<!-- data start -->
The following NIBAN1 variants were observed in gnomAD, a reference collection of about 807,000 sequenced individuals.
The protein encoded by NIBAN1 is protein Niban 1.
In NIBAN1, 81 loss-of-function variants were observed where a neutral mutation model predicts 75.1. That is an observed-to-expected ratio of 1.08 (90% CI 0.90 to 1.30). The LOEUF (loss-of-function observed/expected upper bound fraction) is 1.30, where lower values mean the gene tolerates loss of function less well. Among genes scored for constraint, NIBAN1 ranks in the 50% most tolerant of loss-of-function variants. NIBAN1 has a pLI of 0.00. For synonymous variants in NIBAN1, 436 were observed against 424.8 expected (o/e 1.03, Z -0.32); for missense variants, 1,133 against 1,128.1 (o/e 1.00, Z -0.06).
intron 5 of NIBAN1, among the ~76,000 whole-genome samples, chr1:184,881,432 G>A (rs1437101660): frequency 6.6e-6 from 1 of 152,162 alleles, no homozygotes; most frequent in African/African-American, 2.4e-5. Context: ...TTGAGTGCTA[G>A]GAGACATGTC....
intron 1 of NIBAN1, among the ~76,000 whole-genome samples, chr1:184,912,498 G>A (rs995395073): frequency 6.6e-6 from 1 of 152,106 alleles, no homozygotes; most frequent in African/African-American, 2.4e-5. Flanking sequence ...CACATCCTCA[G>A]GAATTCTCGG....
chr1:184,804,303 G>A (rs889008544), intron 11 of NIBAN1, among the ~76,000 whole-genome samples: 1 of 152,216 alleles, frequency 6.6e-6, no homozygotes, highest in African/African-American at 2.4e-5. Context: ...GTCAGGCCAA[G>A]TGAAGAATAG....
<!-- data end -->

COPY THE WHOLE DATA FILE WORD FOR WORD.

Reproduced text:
The following NIBAN1 variants were observed in gnomAD, a reference collection of about 807,000 sequenced individuals.
The protein encoded by NIBAN1 is protein Niban 1.
In NIBAN1, 81 loss-of-function variants were observed where a neutral mutation model predicts 75.1. That is an observed-to-expected ratio of 1.08 (90% CI 0.90 to 1.30). The LOEUF (loss-of-function observed/expected upper bound fraction) is 1.30, where lower values mean the gene tolerates loss of function less well. Among genes scored for constraint, NIBAN1 ranks in the 50% most tolerant of loss-of-function variants. NIBAN1 has a pLI of 0.00. For synonymous variants in NIBAN1, 436 were observed against 424.8 expected (o/e 1.03, Z -0.32); for missense variants, 1,133 against 1,128.1 (o/e 1.00, Z -0.06).
intron 5 of NIBAN1, among the ~76,000 whole-genome samples, chr1:184,881,432 G>A (rs1437101660): frequency 6.6e-6 from 1 of 152,162 alleles, no homozygotes; most frequent in African/African-American, 2.4e-5. Context: ...TTGAGTGCTA[G>A]GAGACATGTC....
intron 1 of NIBAN1, among the ~76,000 whole-genome samples, chr1:184,912,498 G>A (rs995395073): frequency 6.6e-6 from 1 of 152,106 alleles, no homozygotes; most frequent in African/African-American, 2.4e-5. Flanking sequence ...CACATCCTCA[G>A]GAATTCTCGG....
chr1:184,804,303 G>A (rs889008544), intron 11 of NIBAN1, among the ~76,000 whole-genome samples: 1 of 152,216 alleles, frequency 6.6e-6, no homozygotes, highest in African/African-American at 2.4e-5. Context: ...GTCAGGCCAA[G>A]TGAAGAATAG....